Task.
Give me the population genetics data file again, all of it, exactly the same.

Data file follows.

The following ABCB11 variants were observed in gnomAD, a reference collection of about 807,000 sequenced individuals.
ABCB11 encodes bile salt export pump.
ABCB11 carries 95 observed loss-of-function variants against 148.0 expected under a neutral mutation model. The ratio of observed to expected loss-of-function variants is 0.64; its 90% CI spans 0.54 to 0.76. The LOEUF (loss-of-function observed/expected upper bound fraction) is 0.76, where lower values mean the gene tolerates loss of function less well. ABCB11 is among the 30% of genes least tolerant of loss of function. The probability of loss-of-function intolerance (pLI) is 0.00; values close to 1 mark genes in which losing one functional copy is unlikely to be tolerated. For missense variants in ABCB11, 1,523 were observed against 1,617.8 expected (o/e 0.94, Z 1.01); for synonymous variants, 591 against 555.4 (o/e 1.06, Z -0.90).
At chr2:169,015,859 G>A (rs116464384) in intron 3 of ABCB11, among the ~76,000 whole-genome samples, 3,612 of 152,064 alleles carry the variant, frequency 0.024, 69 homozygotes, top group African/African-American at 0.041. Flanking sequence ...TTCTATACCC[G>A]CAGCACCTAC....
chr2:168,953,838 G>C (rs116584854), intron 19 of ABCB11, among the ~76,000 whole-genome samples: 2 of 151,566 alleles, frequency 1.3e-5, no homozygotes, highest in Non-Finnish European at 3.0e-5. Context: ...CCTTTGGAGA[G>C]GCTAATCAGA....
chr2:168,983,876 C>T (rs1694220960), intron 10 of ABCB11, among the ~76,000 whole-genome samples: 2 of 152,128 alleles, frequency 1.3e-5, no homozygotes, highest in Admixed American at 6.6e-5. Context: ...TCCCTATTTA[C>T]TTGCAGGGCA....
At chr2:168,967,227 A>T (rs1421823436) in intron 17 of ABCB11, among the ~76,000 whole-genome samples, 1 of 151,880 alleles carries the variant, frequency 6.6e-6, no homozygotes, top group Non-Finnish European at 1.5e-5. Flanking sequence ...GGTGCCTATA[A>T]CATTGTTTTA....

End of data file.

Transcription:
The following ABCB11 variants were observed in gnomAD, a reference collection of about 807,000 sequenced individuals.
ABCB11 encodes bile salt export pump.
ABCB11 carries 95 observed loss-of-function variants against 148.0 expected under a neutral mutation model. The ratio of observed to expected loss-of-function variants is 0.64; its 90% CI spans 0.54 to 0.76. The LOEUF (loss-of-function observed/expected upper bound fraction) is 0.76, where lower values mean the gene tolerates loss of function less well. ABCB11 is among the 30% of genes least tolerant of loss of function. The probability of loss-of-function intolerance (pLI) is 0.00; values close to 1 mark genes in which losing one functional copy is unlikely to be tolerated. For missense variants in ABCB11, 1,523 were observed against 1,617.8 expected (o/e 0.94, Z 1.01); for synonymous variants, 591 against 555.4 (o/e 1.06, Z -0.90).
At chr2:169,015,859 G>A (rs116464384) in intron 3 of ABCB11, among the ~76,000 whole-genome samples, 3,612 of 152,064 alleles carry the variant, frequency 0.024, 69 homozygotes, top group African/African-American at 0.041. Flanking sequence ...TTCTATACCC[G>A]CAGCACCTAC....
chr2:168,953,838 G>C (rs116584854), intron 19 of ABCB11, among the ~76,000 whole-genome samples: 2 of 151,566 alleles, frequency 1.3e-5, no homozygotes, highest in Non-Finnish European at 3.0e-5. Context: ...CCTTTGGAGA[G>C]GCTAATCAGA....
chr2:168,983,876 C>T (rs1694220960), intron 10 of ABCB11, among the ~76,000 whole-genome samples: 2 of 152,128 alleles, frequency 1.3e-5, no homozygotes, highest in Admixed American at 6.6e-5. Context: ...TCCCTATTTA[C>T]TTGCAGGGCA....
At chr2:168,967,227 A>T (rs1421823436) in intron 17 of ABCB11, among the ~76,000 whole-genome samples, 1 of 151,880 alleles carries the variant, frequency 6.6e-6, no homozygotes, top group Non-Finnish European at 1.5e-5. Flanking sequence ...GGTGCCTATA[A>T]CATTGTTTTA....